One afternoon in Tintagel’s Garden of Blooms, Gawain was still searching for Morgan when he happened upon Agravain in the middle of practice. The Garden of Blooms was private garden of glittering petunias, spectacularly grown on the elevated tiers of the palace and surrounded by towering rock spires that flew the black ribbon banners.
A row of ravens had gathered on the awning to watch, as did a large audience of spectators who instantly forgot where they were going as soon as they caught a glance of Agravain’s dazzling dual-sword style. The way he twirled his swords and pulled off the most acrobatic aerial maneuvers, it was as if Agravain was blessed with the ability to float in midair every time his feet left the grass.
Among the spectators were Constantine, Debra, Gaheris, and the beautiful twins. Dawn and Fawn still clung to Gaheris’s arms despite the scandals that reeled high society. There was also another observer who, true to form, kept to the shadows.
Morgan watched from one of the towers four stories up. She was dressed almost entirely in black: a modest black dress, black boots, and a warm black cloak with the hood covering her dark hair. As she leaned against the stone window, she held her enchanted red rubies close to her heart, caressing them like one petting the back of a kitten.
She festered in silence, indulging the idea of burning down the palace, starting with Isolde’s quarters. Then, her heart fluttered. Gawain had entered the gardens. She tugged at her hood and recoiled from the window.
The tall seventeen-year-old exuded princely authority as the sun reflected in his jade green eyes. Agravain didn’t see him entering, but guessed it was him by the way people started bowing for no apparent reason. Agravain didn’t stop practicing. Instead, he increased his efforts. His blade whistled with each swing. His steps, his dashes, and spins were crisp, sudden, and swift.
Gawain couldn’t have been any prouder as he gushed, “He’s amazing,”
“This is all he does back home. Can’t take him away from it,” said Gaheris.
Gawain noticed the twins latched on Gaheris’s arm. They were shy. In unison, Dawn and Fawn smiled and hid behind Gaheris like bunnies scurrying from a hawk. Gaheris shook his head, silently begging Gawain not to make inquiries. Gawain and Constantine couldn’t help but giggle.
Agravian heard the giggling and assumed it was at his expense. He and Gawain shared a room but the awkward silence persisted. Gawain had already apologized but it wasn’t enough. And now when Agravain was the star of his own show, outshining Gaheris for once, here comes Gawain with his magnetic charm and all the prestige that followed.
Agravain’s eyes blazed with contempt. A wave of suspense washed over his audience as he paused the practice and marched over with a clenched a broadsword in each hand. He pointed at Gawain and told him, “If you ever put your hands on me again, swift steel will see you split from neck to navel!”
“Big talk, Aggie. Sounds like a whole lot of flifferflam.” Gaheris sneered.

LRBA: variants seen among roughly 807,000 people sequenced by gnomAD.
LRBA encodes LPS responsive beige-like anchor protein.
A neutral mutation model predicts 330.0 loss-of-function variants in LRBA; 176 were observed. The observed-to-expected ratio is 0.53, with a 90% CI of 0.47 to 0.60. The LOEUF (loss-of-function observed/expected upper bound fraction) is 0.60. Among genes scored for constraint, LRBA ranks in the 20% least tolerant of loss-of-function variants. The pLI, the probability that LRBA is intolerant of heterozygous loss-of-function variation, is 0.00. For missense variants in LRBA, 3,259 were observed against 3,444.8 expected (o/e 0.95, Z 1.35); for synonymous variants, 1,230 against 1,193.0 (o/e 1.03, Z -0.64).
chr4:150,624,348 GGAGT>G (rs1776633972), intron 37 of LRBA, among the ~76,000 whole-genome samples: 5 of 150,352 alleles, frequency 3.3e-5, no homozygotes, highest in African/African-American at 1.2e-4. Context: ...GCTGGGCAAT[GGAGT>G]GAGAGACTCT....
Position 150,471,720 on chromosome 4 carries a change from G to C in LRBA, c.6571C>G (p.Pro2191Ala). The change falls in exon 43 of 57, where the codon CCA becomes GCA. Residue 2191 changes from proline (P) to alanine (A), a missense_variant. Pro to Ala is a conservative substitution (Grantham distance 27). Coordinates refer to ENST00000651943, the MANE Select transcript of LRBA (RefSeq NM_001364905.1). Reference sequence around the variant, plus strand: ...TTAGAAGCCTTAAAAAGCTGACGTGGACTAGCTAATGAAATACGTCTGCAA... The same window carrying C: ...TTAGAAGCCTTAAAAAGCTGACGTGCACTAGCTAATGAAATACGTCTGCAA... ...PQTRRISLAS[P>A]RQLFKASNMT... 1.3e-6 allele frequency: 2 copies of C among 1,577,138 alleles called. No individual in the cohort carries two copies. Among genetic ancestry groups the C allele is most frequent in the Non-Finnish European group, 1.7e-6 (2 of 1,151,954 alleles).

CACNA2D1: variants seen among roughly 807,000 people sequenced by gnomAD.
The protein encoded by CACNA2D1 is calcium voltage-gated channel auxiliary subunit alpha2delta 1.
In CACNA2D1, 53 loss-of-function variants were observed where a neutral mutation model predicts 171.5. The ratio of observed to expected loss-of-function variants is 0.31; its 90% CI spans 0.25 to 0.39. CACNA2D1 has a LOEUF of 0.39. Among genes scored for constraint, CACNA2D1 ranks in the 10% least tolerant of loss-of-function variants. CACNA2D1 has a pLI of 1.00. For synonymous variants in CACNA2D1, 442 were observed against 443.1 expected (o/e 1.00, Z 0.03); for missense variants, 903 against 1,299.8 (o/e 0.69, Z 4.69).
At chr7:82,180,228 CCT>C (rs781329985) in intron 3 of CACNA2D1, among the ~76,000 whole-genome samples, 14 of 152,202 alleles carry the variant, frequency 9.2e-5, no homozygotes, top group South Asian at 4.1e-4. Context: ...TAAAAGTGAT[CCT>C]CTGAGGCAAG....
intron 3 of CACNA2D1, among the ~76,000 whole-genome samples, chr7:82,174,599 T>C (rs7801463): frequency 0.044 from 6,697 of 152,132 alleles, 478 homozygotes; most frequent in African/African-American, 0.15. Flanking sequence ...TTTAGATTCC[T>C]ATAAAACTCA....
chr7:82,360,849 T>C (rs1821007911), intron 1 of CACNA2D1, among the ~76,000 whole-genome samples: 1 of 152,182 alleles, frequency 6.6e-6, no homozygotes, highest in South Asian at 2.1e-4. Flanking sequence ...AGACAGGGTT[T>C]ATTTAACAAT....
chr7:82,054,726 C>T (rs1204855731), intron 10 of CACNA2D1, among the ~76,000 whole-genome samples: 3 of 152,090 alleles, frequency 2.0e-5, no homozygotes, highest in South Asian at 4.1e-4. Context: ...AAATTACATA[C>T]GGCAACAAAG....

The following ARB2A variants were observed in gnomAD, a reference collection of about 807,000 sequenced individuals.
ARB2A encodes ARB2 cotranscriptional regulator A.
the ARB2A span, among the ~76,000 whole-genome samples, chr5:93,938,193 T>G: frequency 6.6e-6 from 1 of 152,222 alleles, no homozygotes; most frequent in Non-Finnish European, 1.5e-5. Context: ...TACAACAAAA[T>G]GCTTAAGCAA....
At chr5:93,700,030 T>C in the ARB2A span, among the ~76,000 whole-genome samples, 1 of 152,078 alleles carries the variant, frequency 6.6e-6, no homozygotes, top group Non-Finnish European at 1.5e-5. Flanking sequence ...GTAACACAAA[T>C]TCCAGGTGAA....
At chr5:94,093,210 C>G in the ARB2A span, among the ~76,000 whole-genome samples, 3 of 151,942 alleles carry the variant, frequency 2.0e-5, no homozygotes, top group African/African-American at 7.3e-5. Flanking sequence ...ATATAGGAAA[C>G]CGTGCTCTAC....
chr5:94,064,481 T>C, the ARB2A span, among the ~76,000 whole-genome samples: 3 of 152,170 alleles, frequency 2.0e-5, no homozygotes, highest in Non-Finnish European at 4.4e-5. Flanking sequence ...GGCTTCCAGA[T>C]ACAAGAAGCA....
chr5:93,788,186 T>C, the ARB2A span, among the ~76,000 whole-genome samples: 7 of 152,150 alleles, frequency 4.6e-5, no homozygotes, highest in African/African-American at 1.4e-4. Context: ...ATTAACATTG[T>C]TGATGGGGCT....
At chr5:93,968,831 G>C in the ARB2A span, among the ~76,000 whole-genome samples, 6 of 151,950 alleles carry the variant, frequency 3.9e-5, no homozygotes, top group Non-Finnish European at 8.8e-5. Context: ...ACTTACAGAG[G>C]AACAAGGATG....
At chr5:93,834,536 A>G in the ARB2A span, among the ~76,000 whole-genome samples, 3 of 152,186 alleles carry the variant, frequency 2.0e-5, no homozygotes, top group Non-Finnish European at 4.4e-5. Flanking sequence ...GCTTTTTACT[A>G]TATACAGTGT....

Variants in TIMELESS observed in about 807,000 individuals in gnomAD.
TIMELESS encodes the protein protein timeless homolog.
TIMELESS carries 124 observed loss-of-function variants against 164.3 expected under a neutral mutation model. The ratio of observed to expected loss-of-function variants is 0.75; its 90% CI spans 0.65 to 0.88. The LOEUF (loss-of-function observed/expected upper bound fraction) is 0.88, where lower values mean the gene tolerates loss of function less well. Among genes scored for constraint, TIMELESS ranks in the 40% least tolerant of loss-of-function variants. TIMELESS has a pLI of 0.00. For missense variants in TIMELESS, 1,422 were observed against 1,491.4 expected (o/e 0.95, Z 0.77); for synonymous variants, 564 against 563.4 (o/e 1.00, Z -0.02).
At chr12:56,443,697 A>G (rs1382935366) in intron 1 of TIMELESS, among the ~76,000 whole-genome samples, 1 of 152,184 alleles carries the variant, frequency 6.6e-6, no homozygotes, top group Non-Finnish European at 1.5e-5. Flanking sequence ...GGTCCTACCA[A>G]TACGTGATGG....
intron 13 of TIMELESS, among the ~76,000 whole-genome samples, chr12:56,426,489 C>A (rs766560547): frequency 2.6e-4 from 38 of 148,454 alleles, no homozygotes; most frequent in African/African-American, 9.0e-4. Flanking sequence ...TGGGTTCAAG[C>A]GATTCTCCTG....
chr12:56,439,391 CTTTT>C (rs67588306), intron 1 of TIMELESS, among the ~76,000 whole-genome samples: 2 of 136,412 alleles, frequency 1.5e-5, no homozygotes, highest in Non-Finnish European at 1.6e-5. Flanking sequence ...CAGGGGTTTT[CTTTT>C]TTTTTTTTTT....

Just as Gawain was about to rebuke Gaheris for prodding, a flash of light froze them in place. It happened so fast. Agravain covered ten feet in a single dash, spinning in stride for an amazing overhand sweep. He stopped his sword just inches from Gawain face.
Awestruck, Gawain staggered back, flailing his arms, and spilling into the bushes. The sheer terror stretched across his face was so exaggerated and dramatic that all who saw erupted with laughter. It was slapstick comedy at its finest. Gaheris couldn’t tell if it was intentional or not.
Gawain chuckled as a knight lent him a hand. As soon as he was upright, Gawain gave his little brother a round of applause. The crowd joined him.
“Good thing he’s on our side, eh!” Gawain shouted.
“YAY!!!” cheered the men.
At last, Agravain was touched, humbled by Gawain’s concession. He didn’t laugh or let Gawain see him smile but he did smile. Then, Gawain surprised him by taking off in a full sprint across the garden, patting his brother on the back as he ran by.
“Where are you going?” Agravain asked.
“Keep practicing! We’ll talk soon!” Gawain shouted.
Gawain was like a squirrel the way he weaved around stone columns and dashed up the spiral staircases. A group of nuns gasped as they stepped aside. He apologized but didn’t slow down for a second, not even when he heard the Duchess Igraine calling his name. Igraine’s greyhound got spooked and started chasing Gawain down the 3rd floor corridor. The dog abandoned its pursuit when Gawain jumped over a banister and leapt to the balcony on the 4th floor. Igraine watched in awe, giving her spirited grandson a mild ovation.
After a two-minute hustle, Gawain found himself up on the 4th floor corridor of the west wing near the royal staterooms. He had spotted Morgan staring down at him. As he investigated the window where she once stood, he took a whiff and smelled her scent of wild berries, confirming his sighting.
A shadow wiped by at the end of the hallway. Gawain saw the shadow darting up the stairwell. Daylight flashed as a door quickly opened and closed. Gawain pursued.
The top of the stairwell opened up to blue skies and a breezeway that led to a connecting tower. It was one of the highest levels in the castles where clouds could be seen as a soft moving river flowing around the alleys below. Freezing winds proliferated his curly hair as he squinted to see further down the walkway bridge.